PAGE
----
Mercuric Chloride

Please read this explanation about safe working with mercuric chloride and cleanup of spills.

Wikipedia has an article about mercuric chloride.

ChemicalMercuric chloride
SynonymsCorrosive sublimate
Statesolid, white powder
ConcentrationVaries, often 6%
Fixation time30 minutes to hours
Acid dyesImproves
Basic dyesImproves
AftertreatmentMercury pigment

Mercuric chloride is extremely poisonous and must be handled with great care at all times. Repeated small exposures can accumulate over time to produce serious toxic effects. All used material, including all water washes, paper towels etc, should be collected and handled as noted below. Protective gloves should be worn at all times when using or cleaning after this reagent.

Due to its toxicity and its ability to enter the food chain, accumulating in tissues of top level predators (including humans) there has been a move in some jurisdictions to stop using this heavy metal. This applies to non-fixation uses as well as fixation. Some jurisdictions may already have banned its use. If your jurisdiction has not yet done so, please give serious consideration as to whether this fixing agent could be replaced by another, or a completely different fixative could be used instead.

Mercury is usually applied in aqueous solution in conjunction with other fixing agents, and rarely used alone. It is one of the most effective fixing agents, both for the quality of preservation and for its effects on staining with acid and basic dyes, both of which are enhanced. For that reason, fixatives containing mercuric chloride are often preferred for trichrome staining methods.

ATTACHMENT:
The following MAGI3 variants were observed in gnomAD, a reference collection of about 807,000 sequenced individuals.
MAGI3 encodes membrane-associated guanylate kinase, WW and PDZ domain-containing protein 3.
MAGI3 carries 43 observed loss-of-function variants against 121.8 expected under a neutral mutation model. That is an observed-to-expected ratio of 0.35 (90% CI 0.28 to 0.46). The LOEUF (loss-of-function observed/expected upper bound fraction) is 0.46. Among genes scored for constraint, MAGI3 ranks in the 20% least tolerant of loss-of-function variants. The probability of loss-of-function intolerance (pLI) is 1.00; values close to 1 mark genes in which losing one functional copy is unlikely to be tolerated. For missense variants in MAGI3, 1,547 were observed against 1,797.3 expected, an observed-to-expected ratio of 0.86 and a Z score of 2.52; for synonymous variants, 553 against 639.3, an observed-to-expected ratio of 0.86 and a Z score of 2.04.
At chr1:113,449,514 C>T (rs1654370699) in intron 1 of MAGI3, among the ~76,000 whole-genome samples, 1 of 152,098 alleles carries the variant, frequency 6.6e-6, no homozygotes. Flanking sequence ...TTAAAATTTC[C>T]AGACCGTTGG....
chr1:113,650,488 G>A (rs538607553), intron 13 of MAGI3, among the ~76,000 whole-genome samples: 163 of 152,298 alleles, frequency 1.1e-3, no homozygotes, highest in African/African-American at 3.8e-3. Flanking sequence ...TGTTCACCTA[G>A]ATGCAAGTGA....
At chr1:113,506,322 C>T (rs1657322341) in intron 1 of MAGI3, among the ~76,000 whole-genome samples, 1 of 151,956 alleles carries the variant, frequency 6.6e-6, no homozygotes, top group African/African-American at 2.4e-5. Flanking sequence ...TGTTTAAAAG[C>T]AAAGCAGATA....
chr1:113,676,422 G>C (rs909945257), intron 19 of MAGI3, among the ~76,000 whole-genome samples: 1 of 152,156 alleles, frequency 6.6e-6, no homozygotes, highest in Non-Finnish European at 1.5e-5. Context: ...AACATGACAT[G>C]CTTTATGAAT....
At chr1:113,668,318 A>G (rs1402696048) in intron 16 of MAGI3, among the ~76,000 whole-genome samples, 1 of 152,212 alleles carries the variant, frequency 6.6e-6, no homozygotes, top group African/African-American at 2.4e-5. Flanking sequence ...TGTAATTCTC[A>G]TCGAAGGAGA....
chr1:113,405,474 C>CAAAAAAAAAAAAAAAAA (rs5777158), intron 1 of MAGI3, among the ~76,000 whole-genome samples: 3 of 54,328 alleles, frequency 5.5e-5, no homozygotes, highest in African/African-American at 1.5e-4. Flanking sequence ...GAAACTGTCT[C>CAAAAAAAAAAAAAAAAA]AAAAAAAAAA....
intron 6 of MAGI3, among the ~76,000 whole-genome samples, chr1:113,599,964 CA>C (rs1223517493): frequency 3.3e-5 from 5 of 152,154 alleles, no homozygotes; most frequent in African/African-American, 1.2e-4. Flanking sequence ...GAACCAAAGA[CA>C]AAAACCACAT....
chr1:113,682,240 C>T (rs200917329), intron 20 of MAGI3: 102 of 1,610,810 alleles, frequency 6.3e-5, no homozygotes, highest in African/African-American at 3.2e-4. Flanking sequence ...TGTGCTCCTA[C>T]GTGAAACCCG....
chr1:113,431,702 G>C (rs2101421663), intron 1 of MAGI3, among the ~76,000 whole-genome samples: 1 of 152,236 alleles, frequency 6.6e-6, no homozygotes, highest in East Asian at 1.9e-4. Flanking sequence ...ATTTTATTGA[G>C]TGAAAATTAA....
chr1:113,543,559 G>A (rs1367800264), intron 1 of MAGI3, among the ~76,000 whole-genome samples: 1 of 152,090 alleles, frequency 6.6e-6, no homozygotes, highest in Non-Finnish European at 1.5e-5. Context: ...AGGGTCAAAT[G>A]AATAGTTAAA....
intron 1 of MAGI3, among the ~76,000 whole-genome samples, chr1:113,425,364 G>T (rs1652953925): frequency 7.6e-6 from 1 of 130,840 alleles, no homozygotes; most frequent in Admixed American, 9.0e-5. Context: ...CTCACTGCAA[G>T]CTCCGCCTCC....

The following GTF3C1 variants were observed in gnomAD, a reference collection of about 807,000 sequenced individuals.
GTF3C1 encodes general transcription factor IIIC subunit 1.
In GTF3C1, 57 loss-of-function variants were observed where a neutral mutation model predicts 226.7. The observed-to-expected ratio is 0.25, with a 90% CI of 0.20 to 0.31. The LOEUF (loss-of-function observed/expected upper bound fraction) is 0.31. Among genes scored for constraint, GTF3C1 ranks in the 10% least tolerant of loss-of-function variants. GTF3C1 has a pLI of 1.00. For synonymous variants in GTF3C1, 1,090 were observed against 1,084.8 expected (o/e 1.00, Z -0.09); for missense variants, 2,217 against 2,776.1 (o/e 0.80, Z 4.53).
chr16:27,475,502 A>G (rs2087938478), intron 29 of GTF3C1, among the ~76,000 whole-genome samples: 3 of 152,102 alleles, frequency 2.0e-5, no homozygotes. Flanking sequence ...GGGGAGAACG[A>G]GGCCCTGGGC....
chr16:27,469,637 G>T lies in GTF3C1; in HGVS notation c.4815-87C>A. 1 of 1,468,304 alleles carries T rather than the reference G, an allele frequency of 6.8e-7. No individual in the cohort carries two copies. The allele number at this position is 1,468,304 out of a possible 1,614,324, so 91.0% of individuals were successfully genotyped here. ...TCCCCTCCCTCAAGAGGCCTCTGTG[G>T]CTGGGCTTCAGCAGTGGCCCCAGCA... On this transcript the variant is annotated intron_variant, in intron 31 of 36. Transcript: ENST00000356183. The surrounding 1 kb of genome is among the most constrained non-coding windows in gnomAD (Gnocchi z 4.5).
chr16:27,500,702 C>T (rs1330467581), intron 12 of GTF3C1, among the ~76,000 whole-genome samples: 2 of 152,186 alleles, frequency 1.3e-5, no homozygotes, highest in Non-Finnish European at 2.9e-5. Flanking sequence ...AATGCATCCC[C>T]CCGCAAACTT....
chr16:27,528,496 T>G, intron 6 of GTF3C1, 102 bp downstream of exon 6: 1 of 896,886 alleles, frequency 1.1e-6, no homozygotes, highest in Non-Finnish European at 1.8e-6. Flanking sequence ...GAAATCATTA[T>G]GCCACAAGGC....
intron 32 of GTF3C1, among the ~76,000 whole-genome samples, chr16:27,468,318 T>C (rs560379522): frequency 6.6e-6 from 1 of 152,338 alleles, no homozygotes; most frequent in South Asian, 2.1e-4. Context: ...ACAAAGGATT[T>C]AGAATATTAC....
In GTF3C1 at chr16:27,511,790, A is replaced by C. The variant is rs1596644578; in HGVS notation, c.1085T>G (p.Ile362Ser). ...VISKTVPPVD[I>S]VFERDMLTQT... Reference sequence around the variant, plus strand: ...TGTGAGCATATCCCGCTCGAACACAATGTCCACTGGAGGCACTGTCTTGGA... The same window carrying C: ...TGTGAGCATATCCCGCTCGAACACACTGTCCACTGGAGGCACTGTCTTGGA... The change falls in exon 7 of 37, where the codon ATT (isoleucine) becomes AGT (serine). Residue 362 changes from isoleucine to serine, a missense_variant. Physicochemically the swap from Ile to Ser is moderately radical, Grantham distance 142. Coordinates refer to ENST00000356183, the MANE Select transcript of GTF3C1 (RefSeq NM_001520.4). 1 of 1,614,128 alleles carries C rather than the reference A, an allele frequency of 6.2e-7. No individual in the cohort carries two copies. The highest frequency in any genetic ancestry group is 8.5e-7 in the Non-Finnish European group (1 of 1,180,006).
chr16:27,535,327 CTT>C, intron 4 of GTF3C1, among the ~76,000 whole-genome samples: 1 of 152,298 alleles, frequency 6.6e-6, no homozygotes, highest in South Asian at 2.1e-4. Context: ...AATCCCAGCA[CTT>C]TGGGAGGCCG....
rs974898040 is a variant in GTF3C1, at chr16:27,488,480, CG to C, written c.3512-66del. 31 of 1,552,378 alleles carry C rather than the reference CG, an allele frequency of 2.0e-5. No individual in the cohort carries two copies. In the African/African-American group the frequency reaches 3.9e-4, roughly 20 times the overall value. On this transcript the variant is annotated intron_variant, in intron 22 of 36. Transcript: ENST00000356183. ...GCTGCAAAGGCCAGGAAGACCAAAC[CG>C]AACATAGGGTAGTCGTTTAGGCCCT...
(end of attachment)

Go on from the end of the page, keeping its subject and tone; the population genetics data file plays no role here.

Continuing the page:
Tissues fixed with solutions containing mercuric chloride usually contain a dark brown to black precipitate referred to as mercury pigment. This has to be removed from the tissues. It is most conveniently done by treating sections with the iodine-thiosulphate sequence prior to staining. It may also be removed from the tissues during processing by adding iodine to the final fluid used for dehydration, although this is often not as effective as treating individual sections.

Special note
Mercuric chloride reacts with metals. All metal has to be avoided when using any solution containing it. This includes metal forceps, jar lids for storage, cassette lids and so on. Once the tissue has been washed after fixation, little reaction occurs, but the the fixative solution itself will develop a grey sludge quite rapidly which interferes with sectioning. Be careful about spills on stainless steel benches and sinks as they are not resistant.

How it fixes
It is unclear how mercuric chloride fixes, although it may cross link some proteins. It certainly does combine with them and is an additive and precipitant fixing agent. Generally, staining with both acid and basic dyes is enhanced.

Nuclear preservation is excellent, as is cytoplasmic preservation.

Fixation time varies from 30 minutes or so up to several days. The time varies depending on the particular fixative used, but a typical fixative such as formal sublimate will adequately fix a thin slice of lymph node in a few hours, but application overnight will preserve the tissue very well for most purposes, with excellent nuclear and cytoplasmic preservation and staining, and is recommended. Extended fixation is only necessary for some specialised trichrome methods for the demonstation of fibrin, and is not necessary otherwise.

Simple solution
Mercuric chloride is rarely used by itself. It is usually combined with other fixing agents and used at concentrations up to about 6% or so in aqueous solution, which is close to its saturation point in water.

Mercuric chloride containing fixatives usually cause a brown to black crystalline deposit to be formed in the tissue. It is easily removed with iodine solutions. This is sometimes applied to the first absolute ethanol bath during dehydration by simply adding some tincture of iodine to the ethanol until it is a distinct brown. Subsequent ethanol baths will remove any brown discolouration of the tissue. It is more commonly removed from sections with the iodine-thiosulphate sequence immediately prior to staining.


Baker, John R., (1958)
Principles of biological microtechnique
Methuen, London, UK.



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